The direct measurement method is used to calculate the table percentage of a fancy-shaped diamond. The measurement is taken from the bezel end that is diagonal to the table to the opposite bezel end. In the emerald cut, the measurement is taken transversely from the center of the diamond. Table measurements should be taken even if the table edges of the emerald cut are parallel and the reference points are not in line. To calculate the table percentage, the table size is divided by the width of the diamond. Ideal figures for table percentage in a fancy section are between 50% and 58%. The numbers in this series of numbers will not affect either the value or the beauty of the diamond.
- Crown angle
The best way to measure the crown angle is to use the profile method. Use the same technique you use for round diamonds. Hold the diamond in the same position and calculate the angle formed by the belt plane and bezel surface.
- Cone depth
Differences in proportion have a direct effect on the appearance of a diamond. Therefore, it is very important to decide on the type and magnitude of proportional changes. Any change in the cone angle will directly affect the brilliance of the diamond and is therefore one of the most important considerations in the proportion grading. As seen earlier, the best cone angle for round diamonds is 40¾. Because this angle provides maximum brightness. Unfortunately, it is not possible to achieve the same angle from the arch to the culet when cutting the cone surfaces in an emerald or step cut.
Cone angles of heart, marquise, pear, or oval-shaped diamonds are not the same all around the diamond. Despite these problems, diamond cutters try to achieve as much of the ideal angle as possible. Since different surface arrangements are seen in fancy-shaped diamonds, the technique used in calculating the cone depth for round diamonds cannot be used with this type of diamond. When describing the cone depth of a fancy-shaped diamond, terms such as flat, normal, deep are used. There can be effects such as “fisheye” and “deep cone” in fantasy shapes.
The reason for this is the same as with round diamonds. A very flat cone will cause an arch reflection on the table. Even well-cut fancy shapes show arch reflection at the ends. However, this reflection will be more obvious when the cone is flattened. On the other hand, deep cones appear dark, and the deeper the cone, the darker the diamond will be due to the loss of light. This effect is defined as the “bow-tie” effect. “The bow-tie effect is seen as a dark zone when viewed from the table side of a fancy-shaped diamond. The “bow-tie” effect is a result of the difference in gloss between one region and another in the diamond. The greater the difference between the length and width of the diamond, the greater the “bow-tie” effect can be seen.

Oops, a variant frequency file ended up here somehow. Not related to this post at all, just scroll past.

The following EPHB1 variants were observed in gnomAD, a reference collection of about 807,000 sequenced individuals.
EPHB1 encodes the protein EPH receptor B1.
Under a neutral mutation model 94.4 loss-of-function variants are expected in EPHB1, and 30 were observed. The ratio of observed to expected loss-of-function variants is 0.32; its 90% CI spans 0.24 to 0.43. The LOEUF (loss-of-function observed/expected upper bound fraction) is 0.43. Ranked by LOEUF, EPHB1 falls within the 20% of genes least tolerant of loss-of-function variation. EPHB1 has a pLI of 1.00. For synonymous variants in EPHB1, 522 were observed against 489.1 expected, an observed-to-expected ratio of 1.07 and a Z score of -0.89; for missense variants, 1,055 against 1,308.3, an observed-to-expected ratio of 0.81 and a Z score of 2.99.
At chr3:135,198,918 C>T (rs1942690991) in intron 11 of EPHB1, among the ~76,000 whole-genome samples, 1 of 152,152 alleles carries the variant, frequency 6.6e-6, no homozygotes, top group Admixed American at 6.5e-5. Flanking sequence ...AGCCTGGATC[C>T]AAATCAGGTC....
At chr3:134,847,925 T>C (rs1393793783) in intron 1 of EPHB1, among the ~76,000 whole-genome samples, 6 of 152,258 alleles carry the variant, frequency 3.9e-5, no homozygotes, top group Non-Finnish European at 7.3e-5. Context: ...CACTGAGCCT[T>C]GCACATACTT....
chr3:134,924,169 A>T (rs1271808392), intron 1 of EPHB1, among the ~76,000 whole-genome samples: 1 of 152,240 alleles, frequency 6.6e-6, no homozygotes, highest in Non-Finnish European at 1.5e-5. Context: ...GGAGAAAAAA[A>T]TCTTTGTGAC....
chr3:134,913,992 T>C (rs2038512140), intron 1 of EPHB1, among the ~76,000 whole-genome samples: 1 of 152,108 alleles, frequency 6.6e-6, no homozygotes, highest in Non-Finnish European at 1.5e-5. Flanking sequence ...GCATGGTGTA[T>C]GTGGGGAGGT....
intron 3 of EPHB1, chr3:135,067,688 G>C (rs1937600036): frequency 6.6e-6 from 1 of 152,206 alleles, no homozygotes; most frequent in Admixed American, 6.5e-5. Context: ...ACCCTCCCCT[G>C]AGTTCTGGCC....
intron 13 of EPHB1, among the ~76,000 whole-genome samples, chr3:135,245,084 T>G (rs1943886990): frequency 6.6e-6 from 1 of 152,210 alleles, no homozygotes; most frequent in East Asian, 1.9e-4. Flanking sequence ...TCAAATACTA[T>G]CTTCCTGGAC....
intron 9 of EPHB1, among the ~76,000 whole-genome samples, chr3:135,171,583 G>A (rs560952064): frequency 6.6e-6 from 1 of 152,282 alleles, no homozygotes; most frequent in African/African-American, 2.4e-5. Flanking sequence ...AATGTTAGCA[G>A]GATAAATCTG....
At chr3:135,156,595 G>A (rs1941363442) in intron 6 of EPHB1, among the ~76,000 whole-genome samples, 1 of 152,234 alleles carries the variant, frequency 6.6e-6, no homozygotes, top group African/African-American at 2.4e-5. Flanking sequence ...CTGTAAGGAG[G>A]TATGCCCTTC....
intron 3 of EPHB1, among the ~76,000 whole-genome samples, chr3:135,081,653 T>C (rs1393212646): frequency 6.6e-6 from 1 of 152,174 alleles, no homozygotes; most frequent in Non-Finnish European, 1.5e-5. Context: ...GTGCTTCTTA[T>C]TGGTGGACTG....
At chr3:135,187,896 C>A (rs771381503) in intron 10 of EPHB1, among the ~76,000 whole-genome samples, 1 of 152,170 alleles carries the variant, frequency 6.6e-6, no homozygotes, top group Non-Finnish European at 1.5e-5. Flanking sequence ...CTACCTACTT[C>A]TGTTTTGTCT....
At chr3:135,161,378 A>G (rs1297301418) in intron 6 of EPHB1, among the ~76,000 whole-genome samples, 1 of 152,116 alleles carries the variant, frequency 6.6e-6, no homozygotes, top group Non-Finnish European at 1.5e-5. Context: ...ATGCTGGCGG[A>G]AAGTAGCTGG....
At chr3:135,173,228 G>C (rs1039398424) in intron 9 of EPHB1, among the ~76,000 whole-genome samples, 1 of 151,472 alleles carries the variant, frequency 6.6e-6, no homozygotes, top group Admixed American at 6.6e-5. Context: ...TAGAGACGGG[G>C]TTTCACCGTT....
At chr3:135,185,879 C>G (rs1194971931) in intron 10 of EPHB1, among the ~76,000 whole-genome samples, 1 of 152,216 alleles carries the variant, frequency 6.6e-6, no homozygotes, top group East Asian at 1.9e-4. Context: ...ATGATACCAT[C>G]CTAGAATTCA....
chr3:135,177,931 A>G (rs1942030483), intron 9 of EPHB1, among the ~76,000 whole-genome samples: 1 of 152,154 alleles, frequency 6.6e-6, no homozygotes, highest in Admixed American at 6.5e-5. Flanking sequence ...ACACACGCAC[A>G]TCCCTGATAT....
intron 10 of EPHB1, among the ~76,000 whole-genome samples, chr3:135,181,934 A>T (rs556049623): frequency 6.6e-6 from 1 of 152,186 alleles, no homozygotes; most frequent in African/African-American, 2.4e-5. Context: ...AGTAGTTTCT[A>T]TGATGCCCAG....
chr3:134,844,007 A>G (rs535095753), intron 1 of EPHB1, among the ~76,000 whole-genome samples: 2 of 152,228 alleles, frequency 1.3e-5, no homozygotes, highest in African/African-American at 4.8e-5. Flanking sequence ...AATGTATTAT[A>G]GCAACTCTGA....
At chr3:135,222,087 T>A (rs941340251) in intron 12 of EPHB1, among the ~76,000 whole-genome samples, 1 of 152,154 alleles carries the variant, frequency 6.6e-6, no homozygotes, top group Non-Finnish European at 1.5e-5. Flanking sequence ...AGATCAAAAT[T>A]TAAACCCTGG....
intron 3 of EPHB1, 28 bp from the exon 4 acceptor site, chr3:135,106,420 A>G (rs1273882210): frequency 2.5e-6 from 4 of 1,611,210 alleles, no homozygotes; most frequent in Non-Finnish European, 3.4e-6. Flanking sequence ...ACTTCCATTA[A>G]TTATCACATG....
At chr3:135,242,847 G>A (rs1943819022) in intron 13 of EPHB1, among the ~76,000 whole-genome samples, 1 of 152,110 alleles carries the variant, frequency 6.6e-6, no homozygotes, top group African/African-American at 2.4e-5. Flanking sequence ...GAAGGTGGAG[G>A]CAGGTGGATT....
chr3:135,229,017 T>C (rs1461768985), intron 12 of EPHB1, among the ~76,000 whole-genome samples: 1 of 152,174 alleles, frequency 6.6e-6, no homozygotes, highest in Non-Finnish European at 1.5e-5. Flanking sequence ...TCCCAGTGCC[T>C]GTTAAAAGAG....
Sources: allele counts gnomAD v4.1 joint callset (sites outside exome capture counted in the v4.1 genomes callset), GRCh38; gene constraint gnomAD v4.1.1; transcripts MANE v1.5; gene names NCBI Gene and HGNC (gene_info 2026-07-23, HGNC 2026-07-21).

Whatever the cause, this effect will affect the beauty of the diamond, with or without its presence. Cone depth may sometimes appear “normal”, but in the prone position, the “bow-tie” effect can be seen even with the naked eye. A certain percentage will be deducted from the value of such a diamond. Consider size and darkness when assessing the “bow-tie” effect. In the case of an emerald diamond cut, the cone may have a “swelling effect”. The ‘swell effect’ is due to the diamond cutter’s attempt to gain as much weight as possible from the rough diamond, so the cone cuts the first row of surfaces at very deep angles. This effect causes a decrease in the price of the diamond.
- Belt thickness
Most fancy-shaped diamonds have a belted surface and are generally thicker than round-cut diamonds. The technique used to calculate the belt thickness is the same as for round diamonds, but with some minor exceptions for marquise, heart, and pear-shaped diamonds. At the extreme of these shapes, the belt is usually thicker to reduce the risk of breakage.
In the slit of the heart shape, the belt will always be thick. This is because of the cut shape. To calculate the arch thickness of a marquise, examine the area on the wings and the belly area. Assess the heart or pear-shaped area between the ends and shoulders.
- Average depth percentage
The average depth percentage is calculated by dividing the height by the width. The best numbers for the average depth percentage are the series of numbers between 55% and 65%. If less than 55%, the possibility of a flat cone is investigated, if more than 65%, a deep cone is searched. This sequence of numbers of the average depth percentage is defined as “normal”.